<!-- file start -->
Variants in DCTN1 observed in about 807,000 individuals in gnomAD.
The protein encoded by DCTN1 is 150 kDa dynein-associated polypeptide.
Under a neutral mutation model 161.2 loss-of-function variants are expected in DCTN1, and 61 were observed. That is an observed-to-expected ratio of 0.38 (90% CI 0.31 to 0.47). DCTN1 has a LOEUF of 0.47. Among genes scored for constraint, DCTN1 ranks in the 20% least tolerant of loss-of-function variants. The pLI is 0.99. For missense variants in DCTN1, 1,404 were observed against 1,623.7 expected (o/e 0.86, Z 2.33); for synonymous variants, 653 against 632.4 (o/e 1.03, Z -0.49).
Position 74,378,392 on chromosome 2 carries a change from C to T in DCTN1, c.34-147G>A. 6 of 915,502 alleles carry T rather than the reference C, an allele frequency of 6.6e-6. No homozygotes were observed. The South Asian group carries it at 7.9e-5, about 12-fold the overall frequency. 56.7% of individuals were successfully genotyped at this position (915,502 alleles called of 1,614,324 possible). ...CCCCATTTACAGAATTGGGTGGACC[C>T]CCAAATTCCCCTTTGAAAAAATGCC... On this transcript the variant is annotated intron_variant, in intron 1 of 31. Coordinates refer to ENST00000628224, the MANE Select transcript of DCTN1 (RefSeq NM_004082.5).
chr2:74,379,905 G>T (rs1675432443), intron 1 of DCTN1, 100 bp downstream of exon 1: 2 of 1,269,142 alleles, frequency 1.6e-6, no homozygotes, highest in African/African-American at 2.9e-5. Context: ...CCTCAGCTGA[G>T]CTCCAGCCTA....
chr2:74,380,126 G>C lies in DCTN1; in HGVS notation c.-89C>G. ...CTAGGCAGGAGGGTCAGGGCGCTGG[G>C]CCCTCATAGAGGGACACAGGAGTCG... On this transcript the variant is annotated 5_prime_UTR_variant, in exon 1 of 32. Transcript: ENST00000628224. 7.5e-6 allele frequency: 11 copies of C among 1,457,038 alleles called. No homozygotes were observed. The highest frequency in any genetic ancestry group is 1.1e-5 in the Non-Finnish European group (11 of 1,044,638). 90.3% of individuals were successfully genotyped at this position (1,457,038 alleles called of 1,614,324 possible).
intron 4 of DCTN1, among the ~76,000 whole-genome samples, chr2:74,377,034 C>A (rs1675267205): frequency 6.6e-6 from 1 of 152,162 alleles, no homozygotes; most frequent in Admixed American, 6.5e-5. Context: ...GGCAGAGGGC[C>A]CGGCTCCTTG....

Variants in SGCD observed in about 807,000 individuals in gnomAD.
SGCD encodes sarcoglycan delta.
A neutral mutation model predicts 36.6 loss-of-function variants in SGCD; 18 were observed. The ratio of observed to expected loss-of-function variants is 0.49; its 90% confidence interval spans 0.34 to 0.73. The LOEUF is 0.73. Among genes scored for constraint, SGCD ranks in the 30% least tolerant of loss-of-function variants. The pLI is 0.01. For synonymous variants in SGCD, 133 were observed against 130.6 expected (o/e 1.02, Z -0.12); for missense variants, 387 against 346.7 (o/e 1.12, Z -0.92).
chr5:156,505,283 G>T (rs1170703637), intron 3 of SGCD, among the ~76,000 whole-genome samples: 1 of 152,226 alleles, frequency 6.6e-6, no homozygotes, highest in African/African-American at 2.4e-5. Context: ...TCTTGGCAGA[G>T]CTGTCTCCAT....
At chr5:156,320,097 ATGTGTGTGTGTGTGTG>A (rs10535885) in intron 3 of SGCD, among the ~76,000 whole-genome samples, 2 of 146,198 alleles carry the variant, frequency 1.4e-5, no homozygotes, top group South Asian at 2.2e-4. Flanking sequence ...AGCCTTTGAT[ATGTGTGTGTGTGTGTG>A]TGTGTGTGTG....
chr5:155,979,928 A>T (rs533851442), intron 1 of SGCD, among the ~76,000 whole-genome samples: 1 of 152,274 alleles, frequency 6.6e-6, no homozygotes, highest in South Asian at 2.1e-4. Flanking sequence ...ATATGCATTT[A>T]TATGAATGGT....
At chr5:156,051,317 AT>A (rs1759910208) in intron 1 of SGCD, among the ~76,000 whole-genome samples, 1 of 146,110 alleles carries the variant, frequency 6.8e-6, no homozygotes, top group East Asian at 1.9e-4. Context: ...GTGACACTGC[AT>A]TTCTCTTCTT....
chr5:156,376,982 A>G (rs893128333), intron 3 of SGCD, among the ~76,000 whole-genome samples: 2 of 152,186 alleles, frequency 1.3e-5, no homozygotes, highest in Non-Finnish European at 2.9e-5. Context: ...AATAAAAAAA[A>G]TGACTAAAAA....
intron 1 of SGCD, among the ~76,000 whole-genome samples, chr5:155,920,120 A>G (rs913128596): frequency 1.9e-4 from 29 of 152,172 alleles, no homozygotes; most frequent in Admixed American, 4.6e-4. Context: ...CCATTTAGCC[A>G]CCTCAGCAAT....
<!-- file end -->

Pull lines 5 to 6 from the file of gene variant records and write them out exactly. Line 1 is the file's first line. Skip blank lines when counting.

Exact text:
chr2:74,379,905 G>T (rs1675432443), intron 1 of DCTN1, 100 bp downstream of exon 1: 2 of 1,269,142 alleles, frequency 1.6e-6, no homozygotes, highest in African/African-American at 2.9e-5. Context: ...CCTCAGCTGA[G>T]CTCCAGCCTA....
chr2:74,380,126 G>C lies in DCTN1; in HGVS notation c.-89C>G. ...CTAGGCAGGAGGGTCAGGGCGCTGG[G>C]CCCTCATAGAGGGACACAGGAGTCG... On this transcript the variant is annotated 5_prime_UTR_variant, in exon 1 of 32. Transcript: ENST00000628224. 7.5e-6 allele frequency: 11 copies of C among 1,457,038 alleles called. No homozygotes were observed. The highest frequency in any genetic ancestry group is 1.1e-5 in the Non-Finnish European group (11 of 1,044,638). 90.3% of individuals were successfully genotyped at this position (1,457,038 alleles called of 1,614,324 possible).